It was only two minutes into the game and one team had delivered a decisive blow.
The broadcasters’ speech quickened and they moved to the edge of their seats. One team spotted a weak link on the opposition and was going to exploit it as many times as possible.
Alas, the targeted player was caught in a poor position. The other squad ganged up on him and he died. The crowd erupted in vigorous applause.
This was not a real-life staging of “The Hunger Games,” nor was it a combat exercise with spectators.
This was the second time an IGN tournament happened in front of a live audience — earlier competitions were limited to an online audience.
At one point on Friday, there were 150,000 people watching the “League of Legends” action live on their computers. Another 100,000 were watching the “Starcraft” competition. For comparison, ESPN drew 4 million viewers for its Masters coverage Friday, but Major League Soccer games averaged 291,000 viewers on ESPN and ESPN2 last season and 70,000 viewers on Fox Soccer.
Media company IGN and its general manager of electronic sports, David Ting, see video games as the next spectator sport. The phenomenon is just catching on in the United States, but is already taking hold in other countries, specifically South Korea.
“In Korea, ‘Starcraft II’ is the national pastime. It’s bigger than soccer,” Ting said. “There, 20,000 people will fill a stadium to watch a video game match. They show “Starcraft II” games on broadcast television.”
This year, IPL 4 is hosting the championship round for the “Starcraft II” team competition, the first time the tournament has been held outside of South Korea.
“League of Legends” and “Starcraft II” are real-time strategy games, a genre of game in which players control one or multiple characters and battle with an opponent for territory and resources. Instead of taking turns, each player or team can concurrently execute moves and adjust their strategy. There are differences, and gamers are typically devoted to one game or the other. In “League of Legends” matches, teams of five compete and each player controls one character. In “Starcraft II” the games are one-on-one and each player controls many workers and soldiers.
As with any sport, players and spectators have their own vernacular. “Strats” are strategies and “scrims” are scrimmages, valuable practice for tournaments, when the money is on the line.
At IPL 4, there is $100,000 in prize money for the “Starcraft II” tournament and $50,000 for “League of Legends.”
“Right now you got to have another source of income,” said “League of Legends” player Johnny “Unstoppable X” Tran, who is on Team V8. “Only the really top tier of players and teams can make enough money from tournaments to survive.”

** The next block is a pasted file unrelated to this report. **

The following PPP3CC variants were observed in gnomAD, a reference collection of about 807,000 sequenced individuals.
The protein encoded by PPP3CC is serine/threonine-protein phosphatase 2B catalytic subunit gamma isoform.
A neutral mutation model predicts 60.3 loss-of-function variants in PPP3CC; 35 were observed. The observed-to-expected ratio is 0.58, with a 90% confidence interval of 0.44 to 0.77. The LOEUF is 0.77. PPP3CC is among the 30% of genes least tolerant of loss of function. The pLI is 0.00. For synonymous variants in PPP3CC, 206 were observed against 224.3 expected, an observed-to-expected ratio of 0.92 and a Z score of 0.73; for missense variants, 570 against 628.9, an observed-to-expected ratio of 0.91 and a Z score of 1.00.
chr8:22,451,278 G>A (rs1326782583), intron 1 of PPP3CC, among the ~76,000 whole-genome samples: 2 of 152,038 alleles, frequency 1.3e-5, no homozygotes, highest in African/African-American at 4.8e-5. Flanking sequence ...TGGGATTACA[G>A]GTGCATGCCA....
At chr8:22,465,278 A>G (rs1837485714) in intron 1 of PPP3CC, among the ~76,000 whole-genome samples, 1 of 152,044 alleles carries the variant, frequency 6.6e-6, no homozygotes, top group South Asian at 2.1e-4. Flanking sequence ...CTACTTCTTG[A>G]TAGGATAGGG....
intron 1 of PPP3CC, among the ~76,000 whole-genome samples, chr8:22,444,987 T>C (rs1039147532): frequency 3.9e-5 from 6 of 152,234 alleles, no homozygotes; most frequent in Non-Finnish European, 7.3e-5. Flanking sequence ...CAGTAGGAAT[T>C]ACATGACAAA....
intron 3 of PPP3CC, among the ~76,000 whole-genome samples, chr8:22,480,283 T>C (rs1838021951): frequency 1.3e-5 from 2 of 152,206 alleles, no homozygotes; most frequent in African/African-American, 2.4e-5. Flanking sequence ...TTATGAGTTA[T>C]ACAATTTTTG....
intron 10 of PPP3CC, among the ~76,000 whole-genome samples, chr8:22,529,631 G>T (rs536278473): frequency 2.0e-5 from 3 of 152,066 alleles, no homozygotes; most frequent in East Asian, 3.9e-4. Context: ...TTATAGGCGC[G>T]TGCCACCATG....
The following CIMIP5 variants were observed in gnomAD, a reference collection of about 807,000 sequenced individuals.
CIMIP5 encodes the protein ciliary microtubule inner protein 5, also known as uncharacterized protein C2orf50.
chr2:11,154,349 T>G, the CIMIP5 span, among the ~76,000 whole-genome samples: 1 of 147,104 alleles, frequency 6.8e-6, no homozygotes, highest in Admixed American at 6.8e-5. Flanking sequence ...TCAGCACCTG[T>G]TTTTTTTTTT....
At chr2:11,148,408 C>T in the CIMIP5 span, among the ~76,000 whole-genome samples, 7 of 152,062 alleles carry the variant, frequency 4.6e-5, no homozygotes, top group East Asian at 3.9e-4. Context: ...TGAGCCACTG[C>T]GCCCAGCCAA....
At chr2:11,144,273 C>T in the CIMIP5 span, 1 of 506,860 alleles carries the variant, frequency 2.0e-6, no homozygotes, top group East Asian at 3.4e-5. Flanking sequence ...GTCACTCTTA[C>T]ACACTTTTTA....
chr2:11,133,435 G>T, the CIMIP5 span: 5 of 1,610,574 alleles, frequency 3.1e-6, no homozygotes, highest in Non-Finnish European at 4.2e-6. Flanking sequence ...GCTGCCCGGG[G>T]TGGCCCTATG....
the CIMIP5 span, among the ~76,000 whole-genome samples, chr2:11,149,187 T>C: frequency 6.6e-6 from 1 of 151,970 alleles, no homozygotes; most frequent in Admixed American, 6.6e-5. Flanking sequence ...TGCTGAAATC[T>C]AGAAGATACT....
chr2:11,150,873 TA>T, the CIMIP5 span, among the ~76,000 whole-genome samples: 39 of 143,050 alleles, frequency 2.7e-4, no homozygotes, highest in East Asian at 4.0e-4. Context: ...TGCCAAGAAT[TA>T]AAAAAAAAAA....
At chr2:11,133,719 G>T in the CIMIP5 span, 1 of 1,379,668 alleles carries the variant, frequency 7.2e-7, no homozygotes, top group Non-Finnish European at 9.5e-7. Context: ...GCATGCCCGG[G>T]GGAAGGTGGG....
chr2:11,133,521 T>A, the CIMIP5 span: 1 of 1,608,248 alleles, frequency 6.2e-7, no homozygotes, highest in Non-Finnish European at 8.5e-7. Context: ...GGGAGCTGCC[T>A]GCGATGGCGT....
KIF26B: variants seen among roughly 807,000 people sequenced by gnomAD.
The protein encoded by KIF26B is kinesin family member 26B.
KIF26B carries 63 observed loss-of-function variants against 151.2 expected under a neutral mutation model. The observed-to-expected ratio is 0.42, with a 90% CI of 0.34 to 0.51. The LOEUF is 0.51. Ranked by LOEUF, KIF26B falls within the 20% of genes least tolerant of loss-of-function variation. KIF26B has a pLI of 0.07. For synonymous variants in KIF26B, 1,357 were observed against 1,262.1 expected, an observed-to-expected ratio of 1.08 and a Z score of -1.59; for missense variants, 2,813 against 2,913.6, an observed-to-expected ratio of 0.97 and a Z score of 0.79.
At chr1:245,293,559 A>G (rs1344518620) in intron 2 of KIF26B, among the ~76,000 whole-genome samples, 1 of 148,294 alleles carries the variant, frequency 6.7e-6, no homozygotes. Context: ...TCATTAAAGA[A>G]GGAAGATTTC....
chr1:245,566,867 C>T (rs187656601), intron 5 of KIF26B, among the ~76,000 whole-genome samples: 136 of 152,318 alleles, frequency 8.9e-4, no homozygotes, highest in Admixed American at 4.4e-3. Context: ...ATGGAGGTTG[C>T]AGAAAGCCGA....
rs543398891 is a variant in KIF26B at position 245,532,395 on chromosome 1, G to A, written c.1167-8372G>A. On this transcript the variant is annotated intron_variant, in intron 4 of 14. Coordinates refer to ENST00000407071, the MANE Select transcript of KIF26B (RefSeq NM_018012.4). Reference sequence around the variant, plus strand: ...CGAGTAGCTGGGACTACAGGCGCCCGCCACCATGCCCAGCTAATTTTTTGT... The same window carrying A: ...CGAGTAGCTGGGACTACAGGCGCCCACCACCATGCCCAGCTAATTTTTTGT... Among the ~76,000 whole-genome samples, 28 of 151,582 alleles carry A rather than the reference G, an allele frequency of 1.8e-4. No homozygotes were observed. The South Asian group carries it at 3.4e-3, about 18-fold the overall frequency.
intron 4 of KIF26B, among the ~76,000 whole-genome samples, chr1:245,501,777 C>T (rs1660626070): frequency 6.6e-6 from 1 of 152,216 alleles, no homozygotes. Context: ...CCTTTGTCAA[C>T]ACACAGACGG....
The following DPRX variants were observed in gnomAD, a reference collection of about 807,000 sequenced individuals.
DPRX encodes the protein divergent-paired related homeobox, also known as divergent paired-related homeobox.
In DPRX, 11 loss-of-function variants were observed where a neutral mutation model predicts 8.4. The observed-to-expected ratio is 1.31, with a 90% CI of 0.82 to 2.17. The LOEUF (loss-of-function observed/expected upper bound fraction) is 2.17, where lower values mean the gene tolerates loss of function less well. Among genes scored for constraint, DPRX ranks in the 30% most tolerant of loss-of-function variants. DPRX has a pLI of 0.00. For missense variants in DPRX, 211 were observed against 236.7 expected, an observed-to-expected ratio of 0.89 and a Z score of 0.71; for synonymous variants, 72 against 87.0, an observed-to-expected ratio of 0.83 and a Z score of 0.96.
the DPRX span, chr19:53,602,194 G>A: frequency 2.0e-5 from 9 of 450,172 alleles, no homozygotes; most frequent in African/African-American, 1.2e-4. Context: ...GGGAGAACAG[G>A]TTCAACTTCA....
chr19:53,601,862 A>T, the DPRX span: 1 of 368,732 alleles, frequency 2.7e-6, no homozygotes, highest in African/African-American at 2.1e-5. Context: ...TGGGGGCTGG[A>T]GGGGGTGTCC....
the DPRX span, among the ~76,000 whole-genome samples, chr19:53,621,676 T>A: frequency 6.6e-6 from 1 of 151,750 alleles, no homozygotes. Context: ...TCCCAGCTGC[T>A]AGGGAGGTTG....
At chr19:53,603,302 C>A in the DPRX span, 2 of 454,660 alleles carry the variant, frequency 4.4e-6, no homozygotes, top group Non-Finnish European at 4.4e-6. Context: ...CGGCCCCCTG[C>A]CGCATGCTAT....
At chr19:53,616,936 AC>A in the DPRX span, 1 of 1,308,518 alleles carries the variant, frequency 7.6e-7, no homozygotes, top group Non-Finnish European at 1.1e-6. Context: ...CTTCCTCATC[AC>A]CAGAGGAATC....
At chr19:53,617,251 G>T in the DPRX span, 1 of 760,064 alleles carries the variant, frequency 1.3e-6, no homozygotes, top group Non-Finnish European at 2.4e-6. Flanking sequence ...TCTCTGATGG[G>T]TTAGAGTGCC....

Players like Marcus “Dyrus” Hill, a “League of Legends” player who is know just as much for his funny personality as for his prowess with the various warriors and magical creatures he controls. Hill has a following because other players watch his games, even scrimmages, online.
“Dyrus is hilarious,” said Advanced Technologies Academy student and tournament spectator Eli Leers, 18. “His personality comes through when you watch him play. My friends will watch online at the same time and then discuss the match over Skype. I watch to see how the pros play, to pick up their strategies or moves. It’s like watching any other sport.”
While only the most skilled and well-known players can earn enough from tournaments and sponsorships to live now, Ting says he envisions $1 million prizes in the not too distant future.
Leers said he sees spectator video games as a growing industry, pointing out that 2,500 people from all over the country purchased tickets for the event taking place over Easter weekend.
“It’s great for the casino,” said Ting. “For a boxing match they may get three hours of action. This is three days, we sold out our block of rooms, and the people are eating, drinking and gambling here. This will only get bigger. Ninety-seven percent of teenagers play video games. In 10 years this could be a really big spectator sport.”
Lorin Halpert certainly hopes so. He works with Barcraft, a group that rebroadcasts video games tournaments into bars and public venues.
“We have 215 places worldwide, and about half are in the United States,” he said. “You’d be surprised; a lot of the places are normal sports bars, and they are finding they can pay less and draw bigger crowds than if they show football.”
A.J. Mazur, a 27 year-old play-by-play announcer for “League of Legends” games, said he has seen the growth in spectator video games. Who would have ever thought five years ago that there would be broadcast jobs for video game tournaments? But, he also said there are obstacles to the U.S. market matching South Korea’s.
“Some of these games can go for an hour or more and you can’t run a commercial. It has to be more like soccer, where the ad comes up in the corner of the screen while the game is going on,” he said. “In the U.S. you are already getting big viewership online, more than a lot of hockey games probably. In Korea though, two networks show video games on prime time. It will take a while for the U.S. to get there.”